A specific string of data that is used to encrypt and decrypt messages, documents or other types of electronic data. Keys have varying levels of strength. Keys having higher numbers of bits are theoretically tougher to break because there are more possible permutations of data bits. (Since bits are binary, the number of possible permutations for a key of x bits is 2x.) The specific way a key is used depends on whether it's used with asymmetric or symmetric cryptography.
A set of keys. In asymmetric encryption software, separate keyrings are used to store private keys and public keys
PGP (Pretty Good Privacy)
PGP is the de facto standard for software encryption. It is available in a variety of versions, some of which can be downloaded for free from Web sites, others of which are sold commercially. Because it is so widely used, PGP is one of the most heavily cryptanalyzed encryption programs in the world. (This means that countless cryptographers and programmers have so far been unable to break it.) Check our reviews page for details.
Unencrypted text, a.k.a. cleartext.
Private Key
Private keys, a.k.a. secret keys, are used in asymmetric cryptography. One of their primary purposes is to enable someone to use a public key to encrypt data that can only be decrypted by the owner of the corresponding private key. Private keys should not be distributed. See asymmetric cryptography.
Public Key
Public keys are used in asymmetric cryptography. One of their primary purposes is to enable someone to encrypt messages intended for the owner of the public key. Public keys are meant for distribution, so anyone who wants to send an encrypted message to the owner of the public key can do so, but only the owner of the corresponding private key can decrypt the message. See asymmetric cryptography.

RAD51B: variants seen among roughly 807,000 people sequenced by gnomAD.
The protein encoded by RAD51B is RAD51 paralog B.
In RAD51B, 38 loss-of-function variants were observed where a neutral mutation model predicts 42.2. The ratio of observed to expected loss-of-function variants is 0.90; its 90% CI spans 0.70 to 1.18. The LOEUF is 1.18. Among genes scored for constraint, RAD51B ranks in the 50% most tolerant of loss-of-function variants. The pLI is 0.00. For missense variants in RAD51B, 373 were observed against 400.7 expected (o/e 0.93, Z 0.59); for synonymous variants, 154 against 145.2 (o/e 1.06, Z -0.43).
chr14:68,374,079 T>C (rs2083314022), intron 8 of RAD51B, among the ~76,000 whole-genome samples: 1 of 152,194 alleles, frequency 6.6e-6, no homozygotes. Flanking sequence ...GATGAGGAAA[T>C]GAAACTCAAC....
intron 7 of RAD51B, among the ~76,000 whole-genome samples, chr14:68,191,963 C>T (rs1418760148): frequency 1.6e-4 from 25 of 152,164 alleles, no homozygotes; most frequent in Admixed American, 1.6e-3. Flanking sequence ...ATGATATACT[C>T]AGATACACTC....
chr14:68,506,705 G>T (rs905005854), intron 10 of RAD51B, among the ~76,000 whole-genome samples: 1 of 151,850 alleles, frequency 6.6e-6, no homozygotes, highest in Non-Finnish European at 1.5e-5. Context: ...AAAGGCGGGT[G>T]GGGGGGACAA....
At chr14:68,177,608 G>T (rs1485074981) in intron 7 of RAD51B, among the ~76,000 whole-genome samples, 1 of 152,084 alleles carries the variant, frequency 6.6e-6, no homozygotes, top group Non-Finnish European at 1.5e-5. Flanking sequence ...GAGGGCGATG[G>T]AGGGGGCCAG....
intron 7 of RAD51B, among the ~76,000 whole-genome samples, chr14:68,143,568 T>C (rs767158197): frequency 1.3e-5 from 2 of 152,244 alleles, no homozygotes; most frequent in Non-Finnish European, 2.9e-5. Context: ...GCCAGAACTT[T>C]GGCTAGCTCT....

Secret Key
See private key.
Self-Decrypting Archive
A self-decrypting archive is similar to the self-extracting archive that is typically used with software that is downloaded from the Internet. It contains an archive with one or more files that will automatically open and decrypt with the appropriate key or password. The advantage of a self-decrypting archive is that the recipient doesn't need special software to decrypt files. Typically, the self-decrypting archive software prompts the recipient for a password, and extracts its contents if the password is correct.
See digital signature.
SSH (Secure Shell)
SSH, like Telnet, is a protocol that allows someone using one computer to remotely operate another computer. Unlike Telnet, however, it uses secure (encrypted) transmissions.
Symmetric Cryptography
A method of encryption in which a single key is used to scramble and unscramble data. One weakness of symmetric cryptography is that the user has to distribute the key to the recipient without letting it fall into the wrong hands. The user can do this by encrypting the key itself, but then another key will be needed to decrypt the first one. See also asymmetric cryptography.
Telnet is a protocol that allows someone using one computer to remotely operate another computer. Like FTP, Telnet is not secure. Security is possible by using special Telnet server/client software or an alternative protocol (like SSH).
Web of Trust
An informal means of confirming the identity of someone with whom you communicate electronically. In asymmetric cryptography, one of the biggest concerns is ensuring that the person who claims to be John Doe is really John Doe. Jane Doe can verify that John Doe is really John Doe by non-electronic means, such as by phone. If Jane Doe knows that John Doe has taken similar steps to verify that Jack Smith and Jill Jones are who they claim to be, then Jane Doe may trust his contacts, as well. This is referred to as a Web of Trust.

Acronyms and terms that you have encountered in this guide that are not listed here may be encryption standards or algorithms. For more information please see Appendix B: What are the different kinds of algorithms that encryption software programs utilize?

Next: Appendix A: "Brute Force" Cracking | Back to Guide